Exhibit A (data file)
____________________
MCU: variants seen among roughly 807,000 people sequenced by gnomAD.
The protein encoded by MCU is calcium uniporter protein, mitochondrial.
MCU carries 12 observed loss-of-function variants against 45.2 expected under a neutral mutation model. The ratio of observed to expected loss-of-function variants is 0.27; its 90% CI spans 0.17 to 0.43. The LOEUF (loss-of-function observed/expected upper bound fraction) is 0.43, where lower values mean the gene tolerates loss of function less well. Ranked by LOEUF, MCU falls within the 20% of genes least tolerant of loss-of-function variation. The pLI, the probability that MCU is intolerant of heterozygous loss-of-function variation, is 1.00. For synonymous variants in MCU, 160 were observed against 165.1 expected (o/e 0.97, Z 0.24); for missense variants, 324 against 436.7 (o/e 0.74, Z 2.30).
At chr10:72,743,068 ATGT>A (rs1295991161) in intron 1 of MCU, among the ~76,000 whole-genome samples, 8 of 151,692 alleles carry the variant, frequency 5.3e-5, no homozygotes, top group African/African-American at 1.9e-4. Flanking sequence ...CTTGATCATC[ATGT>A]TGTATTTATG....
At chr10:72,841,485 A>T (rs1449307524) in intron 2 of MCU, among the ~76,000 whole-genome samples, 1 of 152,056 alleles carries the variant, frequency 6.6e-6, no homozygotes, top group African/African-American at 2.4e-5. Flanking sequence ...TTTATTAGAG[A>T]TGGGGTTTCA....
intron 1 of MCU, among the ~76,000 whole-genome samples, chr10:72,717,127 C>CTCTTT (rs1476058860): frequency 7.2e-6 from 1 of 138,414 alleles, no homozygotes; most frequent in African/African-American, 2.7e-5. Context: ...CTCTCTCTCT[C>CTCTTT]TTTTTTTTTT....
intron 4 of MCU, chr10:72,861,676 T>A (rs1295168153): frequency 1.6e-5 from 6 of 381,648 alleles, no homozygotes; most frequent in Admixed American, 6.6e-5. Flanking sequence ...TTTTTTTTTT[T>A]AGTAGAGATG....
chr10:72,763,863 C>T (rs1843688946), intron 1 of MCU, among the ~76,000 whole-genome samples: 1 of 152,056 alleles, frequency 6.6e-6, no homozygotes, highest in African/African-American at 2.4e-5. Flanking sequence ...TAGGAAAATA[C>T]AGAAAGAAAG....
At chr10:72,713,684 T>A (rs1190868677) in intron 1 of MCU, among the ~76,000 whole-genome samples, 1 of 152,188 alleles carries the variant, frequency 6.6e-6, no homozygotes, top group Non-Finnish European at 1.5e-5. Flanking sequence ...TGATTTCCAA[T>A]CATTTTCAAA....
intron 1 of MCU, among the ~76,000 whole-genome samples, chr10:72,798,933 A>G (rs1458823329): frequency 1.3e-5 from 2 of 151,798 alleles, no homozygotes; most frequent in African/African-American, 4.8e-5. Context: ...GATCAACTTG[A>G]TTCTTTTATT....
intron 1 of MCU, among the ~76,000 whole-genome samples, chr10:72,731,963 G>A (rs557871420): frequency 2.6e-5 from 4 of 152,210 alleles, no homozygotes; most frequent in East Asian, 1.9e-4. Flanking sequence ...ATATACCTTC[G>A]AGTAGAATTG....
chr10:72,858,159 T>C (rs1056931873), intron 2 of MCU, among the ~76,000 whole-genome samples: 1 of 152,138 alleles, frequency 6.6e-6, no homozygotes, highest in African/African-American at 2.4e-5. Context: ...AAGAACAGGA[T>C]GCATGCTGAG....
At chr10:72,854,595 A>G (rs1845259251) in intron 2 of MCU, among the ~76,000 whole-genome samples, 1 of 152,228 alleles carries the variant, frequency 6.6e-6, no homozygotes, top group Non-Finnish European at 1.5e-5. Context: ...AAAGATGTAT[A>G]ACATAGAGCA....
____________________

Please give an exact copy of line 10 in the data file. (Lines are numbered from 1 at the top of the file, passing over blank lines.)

intron 1 of MCU, among the ~76,000 whole-genome samples, chr10:72,798,933 A>G (rs1458823329): frequency 1.3e-5 from 2 of 151,798 alleles, no homozygotes; most frequent in African/African-American, 4.8e-5. Context: ...GATCAACTTG[A>G]TTCTTTTATT....